Toyota to Pay Record 1.2 Billion Fine for Hiding Safety Issues

    03 April, 2014


    This is the VOA Learning English Economics Report.

    Toyota Motor Corporation agreed to a record fine of $1.2 billion on March 19th. The fine brought to a close a United States criminal investigation into safety problems with some Toyota vehicles.

    Toyota is the world's largest carmaker. The head of the Justice Department, Attorney General Eric Holder said the company will admit to misleading the public about two safety issues. The problems cause some vehicles to gain speed uncontrollably.

    Toyota to Pay Record 1.2 Billion Fine for Hiding Safety Issues
    FILE - In this photo released by the Utah Highway Patrol, a Toyota Camry is shown after it crashed as it exited Interstate 80 in Wendover, Utah.

    "Today, we can say for certain that Toyota intentionally concealed information and misled the public about the safety issues behind these recalls," said Holder.

    The settlement ends a four-year investigation into how much information Toyota withheld from safety officials. The problems involved poorly made floor coverings and gas pedals that could become stuck in position. The affected vehicles could speed up unexpectedly as a result.

    The company recalled about 10 million Toyota and Lexus vehicles. But it did not describe the full extent of the problems and said drivers were to blame. Attorney General Holder said Toyota agreed to have an independent group look at how the company deals with safety issues.

    "The company will submit to rigorous review by an independent monitor that will examine and assess the manner in which Toyota regularly reports safety issues to the public and its regulator," said Holder.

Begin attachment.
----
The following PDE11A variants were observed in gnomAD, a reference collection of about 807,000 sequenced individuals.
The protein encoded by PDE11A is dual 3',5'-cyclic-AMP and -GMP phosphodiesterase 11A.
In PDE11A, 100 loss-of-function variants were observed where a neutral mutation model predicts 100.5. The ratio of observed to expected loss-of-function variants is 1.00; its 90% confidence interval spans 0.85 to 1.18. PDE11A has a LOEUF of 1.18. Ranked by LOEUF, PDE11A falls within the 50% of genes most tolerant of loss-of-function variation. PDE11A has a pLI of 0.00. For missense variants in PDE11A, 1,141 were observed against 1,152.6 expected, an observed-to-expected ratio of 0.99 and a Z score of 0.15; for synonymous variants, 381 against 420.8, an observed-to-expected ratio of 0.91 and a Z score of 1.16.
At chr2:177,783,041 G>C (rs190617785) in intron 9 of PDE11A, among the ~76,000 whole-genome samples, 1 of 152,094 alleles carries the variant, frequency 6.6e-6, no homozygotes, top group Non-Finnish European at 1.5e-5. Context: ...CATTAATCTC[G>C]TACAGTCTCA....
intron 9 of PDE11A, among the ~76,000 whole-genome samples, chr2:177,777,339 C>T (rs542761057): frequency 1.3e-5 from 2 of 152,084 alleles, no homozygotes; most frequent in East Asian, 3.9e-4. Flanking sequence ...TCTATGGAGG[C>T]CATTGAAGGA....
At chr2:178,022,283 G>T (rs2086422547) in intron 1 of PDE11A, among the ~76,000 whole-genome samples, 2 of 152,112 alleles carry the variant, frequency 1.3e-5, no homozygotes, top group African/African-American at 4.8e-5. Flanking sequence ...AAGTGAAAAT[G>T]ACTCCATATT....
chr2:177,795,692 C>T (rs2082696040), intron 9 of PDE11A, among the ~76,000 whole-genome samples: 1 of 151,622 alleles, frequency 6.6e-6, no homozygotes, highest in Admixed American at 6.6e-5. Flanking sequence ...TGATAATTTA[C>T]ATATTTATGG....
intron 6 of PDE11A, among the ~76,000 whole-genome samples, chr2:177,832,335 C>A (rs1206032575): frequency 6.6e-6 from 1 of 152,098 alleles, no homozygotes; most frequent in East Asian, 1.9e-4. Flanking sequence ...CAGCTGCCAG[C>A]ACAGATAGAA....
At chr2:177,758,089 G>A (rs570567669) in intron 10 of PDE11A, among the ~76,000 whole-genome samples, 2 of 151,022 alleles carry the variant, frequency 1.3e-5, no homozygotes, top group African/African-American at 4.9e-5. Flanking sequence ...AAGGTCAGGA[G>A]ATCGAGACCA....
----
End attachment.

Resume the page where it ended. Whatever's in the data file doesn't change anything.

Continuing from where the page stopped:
Mr Holder said the fine was the largest criminal penalty against a car company in US history. He said the amount was right, because of Toyota's actions in the case.

    Toyota owners have brought hundreds of private legal cases against the company in connection with the acceleration issue. Last year, the carmaker agreed to pay more than $1 billion to buyers who said their vehicles lost value after the announcement of the recall.

    Toyota released a statement saying it has made "major changes" to its operations to become a more "responsive" company.

    The world's second largest carmaker, General Motors is also under federal investigation. GM has recalled more than 1.5 million vehicles. Federal officials are investigating problems with the starting mechanisms in some GM models from 2003 to 2007. A number of deadly accidents have been linked to the problems.

    And that is the VOA Learning English Economics Report. For more programs, English learning lessons and videos, go to our website You can also follow us on Facebook, Twitter and YouTube. I'm Mario Ritter.